Beginning during the First Interregnum following the collapse of the Song dynasty, the Kingdom of Antarita seized on opportunity. It had, for the past years, been making incursions and conquests into its neighbors within Phula, the First Interregnum provided the opportunity for rapid expansion into vast lands. Seizing territory southward and as far east as Rygyal, the empire would find great success for centuries. To restore order to the conquered provinces, the ancient Jyoho strategy was followed for the newly Satyist state- it would build monasteries near to villages whose militaristic monks would defend against bandits and raiders. This would facilitate the later spread of Satyism into the newly acquired territories. Ironically, despite its highly militaristic birth in these lands, it would be through traders and scholars that Satyism would spread to lands beyond the borders and villages without monasteries. The Satyist faith was comforting to the peasantry.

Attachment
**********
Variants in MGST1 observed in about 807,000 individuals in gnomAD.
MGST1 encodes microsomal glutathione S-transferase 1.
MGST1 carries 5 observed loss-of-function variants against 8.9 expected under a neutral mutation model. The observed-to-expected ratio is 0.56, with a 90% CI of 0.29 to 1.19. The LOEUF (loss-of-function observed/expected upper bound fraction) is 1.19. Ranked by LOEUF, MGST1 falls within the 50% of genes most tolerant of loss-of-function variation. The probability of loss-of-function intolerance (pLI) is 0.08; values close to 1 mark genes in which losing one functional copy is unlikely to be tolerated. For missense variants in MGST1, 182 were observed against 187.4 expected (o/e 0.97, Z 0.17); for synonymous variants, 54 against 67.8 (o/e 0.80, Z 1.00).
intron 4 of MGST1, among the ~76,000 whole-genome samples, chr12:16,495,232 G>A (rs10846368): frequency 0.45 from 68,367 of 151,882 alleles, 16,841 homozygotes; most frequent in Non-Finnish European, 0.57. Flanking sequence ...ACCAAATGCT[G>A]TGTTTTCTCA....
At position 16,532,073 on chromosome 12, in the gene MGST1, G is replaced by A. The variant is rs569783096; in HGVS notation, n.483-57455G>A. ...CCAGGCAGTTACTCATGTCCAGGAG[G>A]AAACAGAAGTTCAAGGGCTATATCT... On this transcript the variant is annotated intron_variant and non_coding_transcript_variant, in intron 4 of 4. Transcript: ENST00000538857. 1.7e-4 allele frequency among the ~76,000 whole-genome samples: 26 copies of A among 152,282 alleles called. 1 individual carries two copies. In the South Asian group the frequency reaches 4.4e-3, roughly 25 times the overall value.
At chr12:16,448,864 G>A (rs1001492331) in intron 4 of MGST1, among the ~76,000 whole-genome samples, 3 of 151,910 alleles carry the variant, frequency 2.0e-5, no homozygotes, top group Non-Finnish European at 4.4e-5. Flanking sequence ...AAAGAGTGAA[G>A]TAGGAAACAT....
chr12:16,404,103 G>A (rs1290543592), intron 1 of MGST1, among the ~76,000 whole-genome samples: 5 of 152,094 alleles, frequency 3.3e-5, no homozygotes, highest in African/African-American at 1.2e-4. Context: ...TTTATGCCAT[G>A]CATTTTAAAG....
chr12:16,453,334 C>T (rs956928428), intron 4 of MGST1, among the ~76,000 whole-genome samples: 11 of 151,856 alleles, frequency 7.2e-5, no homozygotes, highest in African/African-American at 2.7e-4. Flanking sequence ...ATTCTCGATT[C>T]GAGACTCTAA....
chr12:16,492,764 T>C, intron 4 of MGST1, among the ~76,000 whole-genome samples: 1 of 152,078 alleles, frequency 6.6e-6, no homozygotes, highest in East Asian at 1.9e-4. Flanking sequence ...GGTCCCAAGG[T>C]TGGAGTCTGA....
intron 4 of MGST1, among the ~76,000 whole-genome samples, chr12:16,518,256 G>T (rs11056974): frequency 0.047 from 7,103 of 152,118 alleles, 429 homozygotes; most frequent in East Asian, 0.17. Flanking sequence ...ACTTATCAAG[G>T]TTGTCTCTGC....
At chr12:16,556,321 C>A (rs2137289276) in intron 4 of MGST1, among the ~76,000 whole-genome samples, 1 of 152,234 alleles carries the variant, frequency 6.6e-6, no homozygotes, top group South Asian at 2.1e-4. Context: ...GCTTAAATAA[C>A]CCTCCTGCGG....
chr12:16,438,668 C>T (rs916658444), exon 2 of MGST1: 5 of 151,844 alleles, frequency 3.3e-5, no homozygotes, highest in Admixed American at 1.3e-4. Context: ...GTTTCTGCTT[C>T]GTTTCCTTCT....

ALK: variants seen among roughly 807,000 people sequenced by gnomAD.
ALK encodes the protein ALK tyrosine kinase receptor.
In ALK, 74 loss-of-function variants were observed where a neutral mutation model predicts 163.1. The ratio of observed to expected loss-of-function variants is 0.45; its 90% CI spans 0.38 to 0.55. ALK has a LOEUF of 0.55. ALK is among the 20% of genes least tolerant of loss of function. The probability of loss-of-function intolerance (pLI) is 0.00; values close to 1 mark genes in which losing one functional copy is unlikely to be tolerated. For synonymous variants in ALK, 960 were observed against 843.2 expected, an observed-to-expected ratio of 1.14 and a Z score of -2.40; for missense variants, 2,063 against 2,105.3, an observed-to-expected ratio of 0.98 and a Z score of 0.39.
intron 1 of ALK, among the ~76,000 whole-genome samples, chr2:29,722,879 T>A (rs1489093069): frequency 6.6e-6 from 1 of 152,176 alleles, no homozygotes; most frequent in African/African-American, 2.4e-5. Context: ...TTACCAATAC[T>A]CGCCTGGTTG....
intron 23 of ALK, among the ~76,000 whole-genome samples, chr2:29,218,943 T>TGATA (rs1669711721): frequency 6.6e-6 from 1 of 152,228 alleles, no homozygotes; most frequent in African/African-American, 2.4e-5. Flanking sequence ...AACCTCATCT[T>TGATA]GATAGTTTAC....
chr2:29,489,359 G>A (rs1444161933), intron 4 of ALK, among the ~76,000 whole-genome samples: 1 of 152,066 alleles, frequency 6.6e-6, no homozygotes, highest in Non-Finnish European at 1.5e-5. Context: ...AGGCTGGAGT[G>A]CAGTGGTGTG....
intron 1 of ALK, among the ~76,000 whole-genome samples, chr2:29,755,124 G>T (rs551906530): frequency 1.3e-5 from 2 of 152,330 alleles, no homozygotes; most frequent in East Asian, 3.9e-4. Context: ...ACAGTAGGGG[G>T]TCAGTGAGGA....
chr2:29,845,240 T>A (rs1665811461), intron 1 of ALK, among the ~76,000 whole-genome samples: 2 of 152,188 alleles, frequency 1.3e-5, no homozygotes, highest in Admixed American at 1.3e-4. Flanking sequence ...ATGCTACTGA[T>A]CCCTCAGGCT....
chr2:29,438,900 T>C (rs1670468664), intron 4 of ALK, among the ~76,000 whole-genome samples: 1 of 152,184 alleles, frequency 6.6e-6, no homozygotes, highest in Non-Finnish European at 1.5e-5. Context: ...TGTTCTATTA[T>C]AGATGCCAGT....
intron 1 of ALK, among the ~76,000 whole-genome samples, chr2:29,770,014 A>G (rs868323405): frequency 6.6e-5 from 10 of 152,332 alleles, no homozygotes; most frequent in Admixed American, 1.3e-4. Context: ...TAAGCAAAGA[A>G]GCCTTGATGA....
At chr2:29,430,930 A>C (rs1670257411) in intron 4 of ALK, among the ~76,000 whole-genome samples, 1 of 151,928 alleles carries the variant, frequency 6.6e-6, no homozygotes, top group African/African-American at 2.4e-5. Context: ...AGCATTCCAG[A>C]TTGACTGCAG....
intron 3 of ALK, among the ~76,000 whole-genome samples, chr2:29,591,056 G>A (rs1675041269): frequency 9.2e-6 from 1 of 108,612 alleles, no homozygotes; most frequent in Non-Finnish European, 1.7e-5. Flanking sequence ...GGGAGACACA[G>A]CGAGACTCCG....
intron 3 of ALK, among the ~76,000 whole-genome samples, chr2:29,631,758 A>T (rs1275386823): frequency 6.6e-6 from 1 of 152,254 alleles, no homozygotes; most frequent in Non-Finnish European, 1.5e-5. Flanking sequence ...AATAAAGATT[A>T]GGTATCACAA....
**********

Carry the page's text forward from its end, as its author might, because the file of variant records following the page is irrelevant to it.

Rygyal would grow to become one of the world's major centers for Satyism. Although Phula proper would always remain the heartland, and the Adhikari line would remain the head of the faith, Rygyal's own development of itself would build it into a powerful region friendly to Phuli travelers, and in turn Phula would welcome Rygyali pilgrims with special treatment. In combination with the close ethnolinguistic connections between much of Phula's population and the people of Rygyal, a sense of historical friendship and association would develop during this period. While the spread of Satyism into foreign lands during the Li dynasty would be significantly slowed, Rygyal would continue to spread the faith autonomously despite the collapse of the empire.